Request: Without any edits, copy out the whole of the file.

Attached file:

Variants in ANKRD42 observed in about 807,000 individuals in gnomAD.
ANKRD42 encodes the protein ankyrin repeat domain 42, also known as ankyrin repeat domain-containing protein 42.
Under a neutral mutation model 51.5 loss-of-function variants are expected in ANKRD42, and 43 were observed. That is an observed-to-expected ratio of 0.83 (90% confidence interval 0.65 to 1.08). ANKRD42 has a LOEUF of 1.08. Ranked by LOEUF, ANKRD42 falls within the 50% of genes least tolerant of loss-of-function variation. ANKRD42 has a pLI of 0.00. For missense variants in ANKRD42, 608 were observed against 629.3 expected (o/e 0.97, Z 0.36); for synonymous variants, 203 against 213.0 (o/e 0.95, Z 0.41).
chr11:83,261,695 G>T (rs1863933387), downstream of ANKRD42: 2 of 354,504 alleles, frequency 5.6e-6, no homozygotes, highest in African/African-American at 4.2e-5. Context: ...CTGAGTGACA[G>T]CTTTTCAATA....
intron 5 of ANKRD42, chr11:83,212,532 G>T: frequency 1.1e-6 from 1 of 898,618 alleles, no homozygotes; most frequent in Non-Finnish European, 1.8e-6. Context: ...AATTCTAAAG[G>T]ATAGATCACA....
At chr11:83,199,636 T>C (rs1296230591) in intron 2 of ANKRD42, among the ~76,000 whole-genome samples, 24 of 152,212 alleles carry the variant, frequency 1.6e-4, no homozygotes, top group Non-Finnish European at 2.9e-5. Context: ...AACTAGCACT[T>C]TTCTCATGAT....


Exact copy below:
Variants in ANKRD42 observed in about 807,000 individuals in gnomAD.
ANKRD42 encodes the protein ankyrin repeat domain 42, also known as ankyrin repeat domain-containing protein 42.
Under a neutral mutation model 51.5 loss-of-function variants are expected in ANKRD42, and 43 were observed. That is an observed-to-expected ratio of 0.83 (90% confidence interval 0.65 to 1.08). ANKRD42 has a LOEUF of 1.08. Ranked by LOEUF, ANKRD42 falls within the 50% of genes least tolerant of loss-of-function variation. ANKRD42 has a pLI of 0.00. For missense variants in ANKRD42, 608 were observed against 629.3 expected (o/e 0.97, Z 0.36); for synonymous variants, 203 against 213.0 (o/e 0.95, Z 0.41).
chr11:83,261,695 G>T (rs1863933387), downstream of ANKRD42: 2 of 354,504 alleles, frequency 5.6e-6, no homozygotes, highest in African/African-American at 4.2e-5. Context: ...CTGAGTGACA[G>T]CTTTTCAATA....
intron 5 of ANKRD42, chr11:83,212,532 G>T: frequency 1.1e-6 from 1 of 898,618 alleles, no homozygotes; most frequent in Non-Finnish European, 1.8e-6. Context: ...AATTCTAAAG[G>T]ATAGATCACA....
At chr11:83,199,636 T>C (rs1296230591) in intron 2 of ANKRD42, among the ~76,000 whole-genome samples, 24 of 152,212 alleles carry the variant, frequency 1.6e-4, no homozygotes, top group Non-Finnish European at 2.9e-5. Context: ...AACTAGCACT[T>C]TTCTCATGAT....